LOCALS have revealed they are terrified to let their kids play outside as speeding boy racers plague their rat-run road.
Residents suggest it’s close to impossible to cross Norcot Road in Reading, Berks., safely as drivers hurtle through at such a rate.
They say some motorists hit the curb multiple times a day, while others veer around traffic islands on the wrong side of the road to overtake.
The nightmare street is just a stone’s throw away from SIX schools – making the daily school run a nightmare.
And the route is considered so dangerous, some neighbours are too scared to let their kids walk outside alone for fear of getting hit.
Grandmother Carole Smith, 48, told The Sun: “It’s really dangerous around here.
“The cars come down here way too fast. You can stand on the pavement for five minutes just trying to cross.
“Two or three times a week you hear a car come up and hit the curb outside my house.
“Then you hear them pull up because they burst their tyres.”
Reading Borough Council have approved plans for a zebra crossing on the road.
“The crossing is a good idea as long as it’s made really obvious because they come down here so fast,” Carole added.
“If you’re at that crossing and you think you’re OK to cross… a lot of kids will use that crossing for school.
“My granddaughter is nine and she lives with me. I take her to school every morning.
“It’s such a fast road and no one takes any notice of the speed limit.
“My other grandchild, my grandson, is 13. I wouldn’t let him out around here.”
Carole’s neighbour Simon House, 52, echoed her concerns.
“That alleyway is the entrance to Morlands School. Loads of kids come through there,” he said.
“My son is 11, he comes through there.
“I never let him come down this road by himself.
“There are five schools around here and all the kids come around this way.”
Gary Cook, 61, lives around the corner from Norcot Road – but catches the bus from the busiest point.
The grandad – whose youngest grandchild is just two – said: “It’s terrible down here. For mums crossing with their kids it’s awful.
“They come whizzing around here.
“You have to be so quick crossing on the islands in the middle of the road.
“I’ve got grandkids and I don’t want to bring them to the shops around here.”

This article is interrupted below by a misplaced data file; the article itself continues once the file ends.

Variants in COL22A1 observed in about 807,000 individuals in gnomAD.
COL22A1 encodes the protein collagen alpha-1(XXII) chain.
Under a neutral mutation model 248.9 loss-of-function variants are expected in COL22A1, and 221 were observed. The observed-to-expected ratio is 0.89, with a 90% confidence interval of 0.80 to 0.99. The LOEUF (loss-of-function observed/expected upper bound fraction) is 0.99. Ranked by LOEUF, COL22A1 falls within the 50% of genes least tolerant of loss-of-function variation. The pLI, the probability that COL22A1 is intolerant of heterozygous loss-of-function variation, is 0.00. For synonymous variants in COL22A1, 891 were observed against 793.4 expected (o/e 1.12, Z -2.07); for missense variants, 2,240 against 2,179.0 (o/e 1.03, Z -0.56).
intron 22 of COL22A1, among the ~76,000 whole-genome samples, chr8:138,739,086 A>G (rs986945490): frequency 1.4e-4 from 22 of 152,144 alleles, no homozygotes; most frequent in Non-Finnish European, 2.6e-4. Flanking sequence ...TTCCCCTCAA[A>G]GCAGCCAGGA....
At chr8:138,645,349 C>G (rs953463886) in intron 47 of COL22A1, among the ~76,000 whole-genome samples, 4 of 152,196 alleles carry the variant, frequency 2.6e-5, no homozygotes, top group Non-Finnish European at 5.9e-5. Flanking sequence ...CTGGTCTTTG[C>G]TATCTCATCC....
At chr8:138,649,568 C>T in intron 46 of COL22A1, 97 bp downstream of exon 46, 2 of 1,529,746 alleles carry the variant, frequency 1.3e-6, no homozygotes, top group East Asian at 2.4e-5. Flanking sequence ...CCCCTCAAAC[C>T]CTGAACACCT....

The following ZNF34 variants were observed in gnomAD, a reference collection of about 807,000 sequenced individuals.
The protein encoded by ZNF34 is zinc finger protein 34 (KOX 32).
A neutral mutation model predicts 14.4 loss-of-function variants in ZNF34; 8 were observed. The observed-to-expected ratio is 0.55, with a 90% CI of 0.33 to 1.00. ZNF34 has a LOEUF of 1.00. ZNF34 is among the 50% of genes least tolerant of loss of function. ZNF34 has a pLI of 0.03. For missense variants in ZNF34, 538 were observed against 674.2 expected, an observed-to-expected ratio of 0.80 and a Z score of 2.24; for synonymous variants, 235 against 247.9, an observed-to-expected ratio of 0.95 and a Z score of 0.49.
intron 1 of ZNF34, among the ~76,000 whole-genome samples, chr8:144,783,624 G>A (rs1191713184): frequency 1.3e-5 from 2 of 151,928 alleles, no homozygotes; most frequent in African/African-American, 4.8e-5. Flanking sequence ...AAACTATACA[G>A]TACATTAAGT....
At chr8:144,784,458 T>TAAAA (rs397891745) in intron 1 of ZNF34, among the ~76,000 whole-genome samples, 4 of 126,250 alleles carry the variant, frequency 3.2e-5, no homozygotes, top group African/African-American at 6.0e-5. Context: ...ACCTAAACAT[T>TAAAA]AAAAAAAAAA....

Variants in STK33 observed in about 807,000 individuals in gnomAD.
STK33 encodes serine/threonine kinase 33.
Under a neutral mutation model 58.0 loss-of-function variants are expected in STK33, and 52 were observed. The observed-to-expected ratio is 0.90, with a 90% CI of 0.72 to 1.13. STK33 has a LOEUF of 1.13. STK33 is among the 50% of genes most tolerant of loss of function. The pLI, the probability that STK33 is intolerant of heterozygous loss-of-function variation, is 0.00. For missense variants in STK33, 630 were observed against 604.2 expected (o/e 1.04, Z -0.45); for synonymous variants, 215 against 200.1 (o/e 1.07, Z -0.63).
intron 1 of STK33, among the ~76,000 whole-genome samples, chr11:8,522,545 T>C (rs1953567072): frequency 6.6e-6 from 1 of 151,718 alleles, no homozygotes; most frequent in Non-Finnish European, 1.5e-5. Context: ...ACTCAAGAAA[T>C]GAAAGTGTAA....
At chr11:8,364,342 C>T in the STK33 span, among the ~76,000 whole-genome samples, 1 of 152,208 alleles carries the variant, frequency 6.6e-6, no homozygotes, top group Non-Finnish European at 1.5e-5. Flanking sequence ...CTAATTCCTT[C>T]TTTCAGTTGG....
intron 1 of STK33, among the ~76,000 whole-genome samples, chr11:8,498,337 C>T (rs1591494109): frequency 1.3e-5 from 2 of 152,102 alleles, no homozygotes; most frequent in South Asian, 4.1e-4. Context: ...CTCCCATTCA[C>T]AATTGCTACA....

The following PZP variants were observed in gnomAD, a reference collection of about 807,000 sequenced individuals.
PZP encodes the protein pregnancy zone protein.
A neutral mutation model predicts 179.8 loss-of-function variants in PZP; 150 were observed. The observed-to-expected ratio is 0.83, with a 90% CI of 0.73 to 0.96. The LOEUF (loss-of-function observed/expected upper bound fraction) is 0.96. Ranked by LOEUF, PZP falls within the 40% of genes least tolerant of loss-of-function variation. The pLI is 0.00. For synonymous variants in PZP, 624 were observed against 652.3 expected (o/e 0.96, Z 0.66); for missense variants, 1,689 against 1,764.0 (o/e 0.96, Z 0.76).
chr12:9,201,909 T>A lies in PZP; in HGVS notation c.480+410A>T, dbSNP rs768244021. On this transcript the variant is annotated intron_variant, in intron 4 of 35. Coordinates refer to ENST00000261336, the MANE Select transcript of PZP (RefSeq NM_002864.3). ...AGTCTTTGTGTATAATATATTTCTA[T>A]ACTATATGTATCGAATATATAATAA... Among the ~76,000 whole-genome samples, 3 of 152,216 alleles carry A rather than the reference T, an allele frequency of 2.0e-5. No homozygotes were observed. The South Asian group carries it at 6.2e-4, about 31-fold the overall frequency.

Mum Mary Collins, 38, regularly walks down Norcot Road with her one-year-old daughter.
She said: “It’s such a busy road, it’s dangerous. Trying to cross with three kids isn’t easy.
“The pram doesn’t fit on the islands in the road that are there now.”
Mum Tiarnah Ashby, 22, picks up her son Riley from a nursery close by.
She told the Sun: “Crossing on this road is really scary. I have to be really cautious.
“People going down here drive really, really fast. Stupidly fast.
“Cars overtake on the wrong side of the road, it happens a lot. It’s so dangerous.
“There’s oncoming traffic – and with them going so fast anyway… there’s going to be a collision.”
Hannah Rogers, 30, walks along the road with her niece Ada, two.
“It’s a dangerous road,” she added.
“There’s only enough room on the island in the road for yourself and a tiny little one.
Stuart Bristoe, 28, who has three kids aged five, four and two, added: “It’s not safe. It needs a zebra crossing to make it safe.
“There’s a bus stop further down that needs to be moved as well.
“Buses come around the corner and boom. I’ve seen cars going in the back of buses.
“You never know what’s going to come round. The island in the middle of the road isn’t enough when you’ve got kids.
“You try to get a pushchair in that gap and it’s not going to fit. Either I’m sticking out or the pushchair is sticking out.
“One of us isn’t safe. I’m glad they’ve now approved it.”
His partner – who asked not to be named – said: “I don’t like crossing with the kids here.”
Colin Simmonds, 56, lives on Norcot road with his kids aged 16 and 12.
He said: “I think there’s going to be a serious accident here one day.
“Especially coming out of my driveway.”
Mum-of-four Paula Knight, 42, added: “They come down here way too fast. I have to keep more of an eye on the kids.
“At night it’s even worse.”
A Reading Borough Council spokesperson said: “A community consultation found more than double the number of respondents supported the plans than objected to them, as a result the Council will proceed with the proposals.”